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Science
LEADING EDGE
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Thursday 21:00-21:30
Leading Edge brings you the latest news from the world of science. Geoff Watts celebrates discoveries as soon as they're being talked about - on the internet, in coffee rooms and bars; often before they're published in journals. And he gets to grips with not just the science, but with the controversies and conversation that surround it.
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Listen to 16 October
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GEOFF WATTS
Geoff Watts
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Thursday 16 October2008
Josiah McElheny’s interpretation of the galaxy, in sculptural form. [Photo: Todd White Art Photography, courtesy of White Cube]
Josiah McElheny’s Island Universe. [Photo: Todd White Art Photography, courtesy of White Cube]

Alarming decline in West African chimpanzees

As Genevieve Campbell and Christophe Boesche report in this weeks Current Biology, a study in the nesting habits of chimpanzees became almost impossible due to a surprising lack of nests.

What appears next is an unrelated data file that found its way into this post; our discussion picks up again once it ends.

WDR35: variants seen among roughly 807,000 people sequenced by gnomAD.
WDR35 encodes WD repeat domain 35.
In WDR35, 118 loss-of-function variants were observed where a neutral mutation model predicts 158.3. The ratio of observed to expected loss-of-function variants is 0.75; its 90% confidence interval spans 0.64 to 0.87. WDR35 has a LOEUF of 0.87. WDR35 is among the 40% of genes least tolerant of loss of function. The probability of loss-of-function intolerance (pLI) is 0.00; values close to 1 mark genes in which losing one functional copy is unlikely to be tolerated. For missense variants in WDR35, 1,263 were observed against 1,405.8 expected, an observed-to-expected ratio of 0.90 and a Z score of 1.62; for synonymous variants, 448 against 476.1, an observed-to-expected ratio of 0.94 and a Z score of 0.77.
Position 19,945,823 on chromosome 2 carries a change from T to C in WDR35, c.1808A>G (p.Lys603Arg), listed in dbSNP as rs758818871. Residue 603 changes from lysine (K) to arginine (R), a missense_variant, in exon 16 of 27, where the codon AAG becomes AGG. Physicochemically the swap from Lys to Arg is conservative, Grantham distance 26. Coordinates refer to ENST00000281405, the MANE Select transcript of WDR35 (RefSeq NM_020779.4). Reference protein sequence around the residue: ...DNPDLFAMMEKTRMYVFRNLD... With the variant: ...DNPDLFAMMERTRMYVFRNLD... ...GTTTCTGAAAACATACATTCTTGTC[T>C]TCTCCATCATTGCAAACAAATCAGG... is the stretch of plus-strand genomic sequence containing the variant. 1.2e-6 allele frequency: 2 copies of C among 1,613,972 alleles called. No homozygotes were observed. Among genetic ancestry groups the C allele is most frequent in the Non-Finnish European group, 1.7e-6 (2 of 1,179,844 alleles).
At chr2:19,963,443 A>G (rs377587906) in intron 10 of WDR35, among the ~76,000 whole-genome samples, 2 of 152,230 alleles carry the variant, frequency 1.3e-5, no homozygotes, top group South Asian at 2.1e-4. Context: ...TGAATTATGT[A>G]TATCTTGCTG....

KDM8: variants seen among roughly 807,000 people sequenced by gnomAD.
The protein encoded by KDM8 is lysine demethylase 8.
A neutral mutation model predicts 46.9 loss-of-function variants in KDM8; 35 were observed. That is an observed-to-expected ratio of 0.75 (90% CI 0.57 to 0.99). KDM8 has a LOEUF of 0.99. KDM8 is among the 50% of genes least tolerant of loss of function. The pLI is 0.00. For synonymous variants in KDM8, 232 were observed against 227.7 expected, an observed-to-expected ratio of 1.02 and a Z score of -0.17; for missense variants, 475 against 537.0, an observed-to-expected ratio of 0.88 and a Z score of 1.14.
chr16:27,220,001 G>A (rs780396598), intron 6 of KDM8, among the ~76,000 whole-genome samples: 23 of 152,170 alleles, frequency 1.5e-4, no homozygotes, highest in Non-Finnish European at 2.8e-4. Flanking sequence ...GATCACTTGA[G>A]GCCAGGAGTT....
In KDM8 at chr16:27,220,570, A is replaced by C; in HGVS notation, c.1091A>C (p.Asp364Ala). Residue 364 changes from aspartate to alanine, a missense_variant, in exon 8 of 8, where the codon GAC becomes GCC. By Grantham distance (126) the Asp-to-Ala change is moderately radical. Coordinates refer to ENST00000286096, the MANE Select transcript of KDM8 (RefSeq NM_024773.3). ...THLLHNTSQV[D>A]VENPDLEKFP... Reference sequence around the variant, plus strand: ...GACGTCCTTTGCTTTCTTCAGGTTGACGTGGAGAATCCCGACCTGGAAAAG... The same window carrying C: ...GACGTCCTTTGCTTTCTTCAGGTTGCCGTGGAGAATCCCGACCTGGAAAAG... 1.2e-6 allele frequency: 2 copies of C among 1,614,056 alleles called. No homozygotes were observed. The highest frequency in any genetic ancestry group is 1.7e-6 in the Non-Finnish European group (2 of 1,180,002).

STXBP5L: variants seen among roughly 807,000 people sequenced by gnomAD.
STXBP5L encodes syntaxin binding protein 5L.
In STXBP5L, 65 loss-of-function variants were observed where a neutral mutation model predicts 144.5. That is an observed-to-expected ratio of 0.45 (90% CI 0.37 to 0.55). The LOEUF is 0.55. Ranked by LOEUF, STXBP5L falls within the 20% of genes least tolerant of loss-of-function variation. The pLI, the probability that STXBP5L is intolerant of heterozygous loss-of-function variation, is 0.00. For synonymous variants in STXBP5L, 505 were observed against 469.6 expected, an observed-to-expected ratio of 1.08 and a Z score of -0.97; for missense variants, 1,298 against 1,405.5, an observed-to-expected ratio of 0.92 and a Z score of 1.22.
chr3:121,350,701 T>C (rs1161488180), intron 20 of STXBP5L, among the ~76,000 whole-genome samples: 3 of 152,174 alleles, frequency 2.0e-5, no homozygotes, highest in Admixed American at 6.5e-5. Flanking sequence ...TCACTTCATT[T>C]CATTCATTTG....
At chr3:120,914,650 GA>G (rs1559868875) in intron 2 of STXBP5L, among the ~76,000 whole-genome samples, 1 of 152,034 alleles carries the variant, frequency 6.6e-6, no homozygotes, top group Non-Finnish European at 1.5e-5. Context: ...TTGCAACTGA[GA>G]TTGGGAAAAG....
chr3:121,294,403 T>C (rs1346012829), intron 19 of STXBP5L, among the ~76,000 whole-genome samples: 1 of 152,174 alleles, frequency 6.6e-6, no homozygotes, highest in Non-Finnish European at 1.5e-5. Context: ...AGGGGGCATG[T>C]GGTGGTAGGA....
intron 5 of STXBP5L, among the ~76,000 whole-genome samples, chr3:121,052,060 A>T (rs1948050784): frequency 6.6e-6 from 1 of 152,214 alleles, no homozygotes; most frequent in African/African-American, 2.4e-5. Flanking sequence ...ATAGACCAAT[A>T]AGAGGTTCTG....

Only 10% of the expected population could be located. Geoff Watts discovers whether the chimps can be saved from extinction.

Invisible islands

What did the Big Bang look like?

Using scientifically correct equations and inspired by the chandeliers of New York’s Metropolitan Opera House, artist Josiah McElheny and cosmologist David Weinberg set out to represent our galaxy in sculptural form.

Efficient electricity

The planned coal-burning power station at Kingsnorth continues to fuel a fierce row about the carbon dioxide that it should or should not be allowed to emit.

Chemist Andrea Sella from University College, London, thinks we should respect the laws of thermodynamics and return to the drawing board.

Space junk
 
Our planet is surrounded by a cloud of junk ranging from discarded rockets to flecks of paint. There’s even an astronaut's glove in orbit.
 
Although the problem is getting worse, Richard Hollingham reports on a solution.

Routes out of Africa

It is generally agreed that early humans did evolve in sub-Saharan Africa.

Moreover there’s fossil evidence that they reached what is now Israel some 90-130,000 years ago – and the obvious way of getting from the one to the other would be along the Nile Valley.

But new research from the University of Bristol suggests that there were alternative routes.
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